I would like to correctly intepret the <cr> in a command that is created based on user input.

For example, this function runs correctly and it will split the line a the location where the cursor is.

function NewLine()
  execute "normal! r\<cr>"

But if I convert it to accept user input:

function NewLine()
  let l:cmd = input('Your command: ')
  execute "normal! " . l:cmd

if the input is r\<cr> then it just replaces the character the current cursor is on, with \ instead of spliting the line.

How to make it interpret the whole thing, as it seems it stops at \.

  • 3
    I would use r CTRL-V ENTER in your input
    – Maxim Kim
    Nov 13, 2020 at 14:12
  • 2
    Welcome to Vi and Vim!
    – D. Ben Knoble
    Nov 13, 2020 at 16:12
  • @D.BenKnoble Thanks 👋
    – skamsie
    Nov 25, 2020 at 21:04

1 Answer 1


If you want the user to be able to enter a sequence such as r\<cr> or r\r and have Vim interpret that the same way as it interprets sequences in a double quoted string, the easiest way to do so is to actually assemble it into a double quoted string and use eval() to have Vim interpret it.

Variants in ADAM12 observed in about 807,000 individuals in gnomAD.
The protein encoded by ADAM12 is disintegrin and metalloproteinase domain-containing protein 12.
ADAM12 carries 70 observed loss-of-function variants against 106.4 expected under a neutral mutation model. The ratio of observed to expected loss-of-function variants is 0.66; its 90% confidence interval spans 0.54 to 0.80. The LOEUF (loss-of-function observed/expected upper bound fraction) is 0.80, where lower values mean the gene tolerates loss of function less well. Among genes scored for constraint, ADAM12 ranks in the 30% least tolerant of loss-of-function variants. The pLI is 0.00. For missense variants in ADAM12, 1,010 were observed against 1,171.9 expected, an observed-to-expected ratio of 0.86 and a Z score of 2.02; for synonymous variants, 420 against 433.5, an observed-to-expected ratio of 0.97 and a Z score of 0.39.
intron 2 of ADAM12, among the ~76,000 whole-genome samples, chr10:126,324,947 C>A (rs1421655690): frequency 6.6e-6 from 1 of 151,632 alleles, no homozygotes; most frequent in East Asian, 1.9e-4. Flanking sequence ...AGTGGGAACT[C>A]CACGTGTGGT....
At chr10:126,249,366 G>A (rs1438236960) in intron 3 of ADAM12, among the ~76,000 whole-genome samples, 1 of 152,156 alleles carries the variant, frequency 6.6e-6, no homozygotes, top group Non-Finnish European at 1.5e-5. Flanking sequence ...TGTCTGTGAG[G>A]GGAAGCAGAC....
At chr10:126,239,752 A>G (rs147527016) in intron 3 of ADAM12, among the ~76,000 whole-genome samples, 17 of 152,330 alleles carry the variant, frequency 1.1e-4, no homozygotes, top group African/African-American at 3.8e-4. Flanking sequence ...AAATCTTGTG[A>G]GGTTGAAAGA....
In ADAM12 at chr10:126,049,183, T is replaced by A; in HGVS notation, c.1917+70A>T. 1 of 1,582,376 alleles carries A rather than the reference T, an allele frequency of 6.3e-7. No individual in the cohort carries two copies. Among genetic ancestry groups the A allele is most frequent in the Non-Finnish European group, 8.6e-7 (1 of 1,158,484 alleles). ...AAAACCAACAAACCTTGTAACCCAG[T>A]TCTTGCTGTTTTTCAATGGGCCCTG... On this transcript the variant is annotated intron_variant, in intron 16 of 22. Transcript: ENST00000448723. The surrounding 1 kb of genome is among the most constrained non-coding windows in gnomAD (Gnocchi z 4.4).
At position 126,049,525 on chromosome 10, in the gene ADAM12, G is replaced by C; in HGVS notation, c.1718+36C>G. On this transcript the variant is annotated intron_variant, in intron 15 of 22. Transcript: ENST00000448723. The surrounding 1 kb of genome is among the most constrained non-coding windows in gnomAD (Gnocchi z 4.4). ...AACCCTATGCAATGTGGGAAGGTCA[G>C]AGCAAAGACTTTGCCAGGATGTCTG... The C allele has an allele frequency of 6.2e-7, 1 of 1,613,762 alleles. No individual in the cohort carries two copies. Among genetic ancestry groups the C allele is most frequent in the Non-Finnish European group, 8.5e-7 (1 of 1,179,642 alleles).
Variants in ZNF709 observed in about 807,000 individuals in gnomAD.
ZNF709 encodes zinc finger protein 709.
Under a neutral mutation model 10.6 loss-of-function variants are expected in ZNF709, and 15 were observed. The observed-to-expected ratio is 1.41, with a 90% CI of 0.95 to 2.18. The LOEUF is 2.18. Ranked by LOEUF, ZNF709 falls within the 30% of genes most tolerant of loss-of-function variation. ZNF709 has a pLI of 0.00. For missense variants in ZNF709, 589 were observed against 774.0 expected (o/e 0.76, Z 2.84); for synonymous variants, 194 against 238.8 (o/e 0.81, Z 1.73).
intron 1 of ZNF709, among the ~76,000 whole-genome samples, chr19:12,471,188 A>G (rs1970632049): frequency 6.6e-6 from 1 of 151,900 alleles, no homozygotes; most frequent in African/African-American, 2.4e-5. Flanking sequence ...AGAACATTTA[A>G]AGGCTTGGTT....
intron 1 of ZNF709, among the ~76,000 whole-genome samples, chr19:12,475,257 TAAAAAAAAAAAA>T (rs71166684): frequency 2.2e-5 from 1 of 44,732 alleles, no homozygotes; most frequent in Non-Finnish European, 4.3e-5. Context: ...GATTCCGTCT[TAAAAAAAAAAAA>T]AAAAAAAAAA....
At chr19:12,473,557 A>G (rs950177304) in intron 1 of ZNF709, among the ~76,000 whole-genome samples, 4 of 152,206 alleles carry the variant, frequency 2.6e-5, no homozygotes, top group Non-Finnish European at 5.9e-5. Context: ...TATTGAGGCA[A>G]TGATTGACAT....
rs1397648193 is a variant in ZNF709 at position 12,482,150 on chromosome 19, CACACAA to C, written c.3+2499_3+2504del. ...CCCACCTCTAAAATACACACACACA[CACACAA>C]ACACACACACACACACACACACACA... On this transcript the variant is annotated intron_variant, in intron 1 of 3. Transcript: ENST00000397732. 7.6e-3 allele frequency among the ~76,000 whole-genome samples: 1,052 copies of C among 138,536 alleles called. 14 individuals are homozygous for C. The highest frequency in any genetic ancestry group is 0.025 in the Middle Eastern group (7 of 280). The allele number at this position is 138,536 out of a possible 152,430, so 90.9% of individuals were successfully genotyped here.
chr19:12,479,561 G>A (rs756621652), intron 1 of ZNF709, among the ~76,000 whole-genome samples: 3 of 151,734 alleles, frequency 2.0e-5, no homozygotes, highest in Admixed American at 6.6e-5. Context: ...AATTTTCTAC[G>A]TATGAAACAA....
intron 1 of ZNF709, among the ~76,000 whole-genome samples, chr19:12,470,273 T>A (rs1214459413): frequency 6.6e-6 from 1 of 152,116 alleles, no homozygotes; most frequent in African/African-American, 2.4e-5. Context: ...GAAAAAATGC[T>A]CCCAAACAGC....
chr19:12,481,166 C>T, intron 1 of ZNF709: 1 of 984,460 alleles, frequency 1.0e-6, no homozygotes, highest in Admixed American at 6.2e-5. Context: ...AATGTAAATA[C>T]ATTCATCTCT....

In your particular case:

execute "normal! " . eval('"' . l:cmd . '"')

Note that there's potential for the produced string to be invalid. For example, if l:cmd includes a single double quote in it. So you might want to make sure you're using the try command to catch any errors when evaluating the string you produced.

It's also important to notice that there's potential that a clever user might exploit this to have l:cmd evaluate to a function that has potential side effects, so make sure you make some due diligence to prevent expression injection in this scheme, particularly if you're interpreting sequences coming from a file that might have been downloaded from the web. (There was a recent security vulnerability in Vim that could be exploited by simply opening a file with a specially crafted modeline. When you're using something like eval(), make sure you're not creating something that's opening the door to such types of exploits.)

  • 1
    For the double quote, couldn’t you use something like escape(..., '"\')?
    – D. Ben Knoble
    Nov 25, 2020 at 21:17
  • 1
    @Ben Yes, you can escape things such as " and backslash, but since the question was using r\<cr> as an example, escaping backslash would have prevented this from solving that particular case... eval() is evil, so I'd rather just point out that dragons lie ahead rather than try to take on them myself 😉
    – filbranden
    Nov 25, 2020 at 21:34

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